The Israeli army is both respected and feared as a fighting force. But now the country's military is facing a backlash at home and abroad for its treatment of children in the West Bank, occupied territory.
A joint investigation by Four Corners and The Australian newspaper reveals evidence that shows the army is targeting Palestinian boys for arrest and detention. Reporter John Lyons travels to the West Bank to hear the story of children who claim they have been taken into custody, ruthlessly questioned and then allegedly forced to sign confessions before being taken to court for sentencing.
He meets Australian lawyer Gerard Horton, who's trying to help the boys who are arrested, and talks to senior Israeli officials to examine what's driving the army's strategy.
The program focuses on the stories of three boys. In two cases the army came for the children in the middle of the night, before taking them to unknown locations where they are questioned. A mother of one of the boys described the scene:
"Every soldier stood at the door of a room. I was telling him 'What do you want with him?' He said 'Shut up woman.' And then they started hitting him and pulling him out of bed."
"They started kicking me with their boots in my stomach, slaps on my face. They pulled me up by my t-shirt and took me out of bed."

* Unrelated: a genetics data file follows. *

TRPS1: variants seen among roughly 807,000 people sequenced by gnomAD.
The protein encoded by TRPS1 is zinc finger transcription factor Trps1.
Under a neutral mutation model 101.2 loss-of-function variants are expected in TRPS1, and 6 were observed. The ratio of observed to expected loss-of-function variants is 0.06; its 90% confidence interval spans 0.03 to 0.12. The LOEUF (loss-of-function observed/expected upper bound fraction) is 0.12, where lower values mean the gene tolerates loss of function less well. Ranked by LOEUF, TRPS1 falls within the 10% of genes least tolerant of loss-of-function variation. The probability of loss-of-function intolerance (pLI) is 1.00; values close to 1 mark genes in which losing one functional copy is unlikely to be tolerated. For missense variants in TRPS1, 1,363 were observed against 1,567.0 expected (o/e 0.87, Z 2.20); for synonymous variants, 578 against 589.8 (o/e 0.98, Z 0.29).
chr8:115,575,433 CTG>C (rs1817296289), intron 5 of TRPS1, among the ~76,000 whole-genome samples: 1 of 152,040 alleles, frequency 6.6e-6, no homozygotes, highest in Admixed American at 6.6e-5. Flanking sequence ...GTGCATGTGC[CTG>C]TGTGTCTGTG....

Is this, as many Israelis suggest, simply part of the drive to maintain security? Or is it, as Palestinians claim, part of a much wider plan to make life in the West Bank intolerable for them?
"I think that they want to kick us out of here and drive us away because they don't want Arabs in this area."
It's a claim that's dismissed out of hand by Israel's Ministry of Foreign Affairs:
"Let me say this very clearly. There is no such policy. A policy to create fear? There is no such thing. The only policy is to maintain law and order, that's all. If there's no violence, there's no law enforcement." Yigal Palmor
The United Nations children's agency (UNICEF) has been investigating these claims and last year released a scathing report finding that "children have been threatened with death, physical violence, solitary confinement and sexual assault."
As Four Corners discovered, though, Palestinian children have more to fear than the Israeli army. Reporter John Lyons shows clear evidence that Israeli settlers in the West Bank regularly attack Palestinian school children, knowing the authorities will not intervene. He also discovers there are two legal systems operating. One for Israeli children and one for young Palestinians. It's an impossible situation that may provide temporary security for Israel, but in the long term may well breed a new generation of Palestinians prepared to do anything to gain retribution.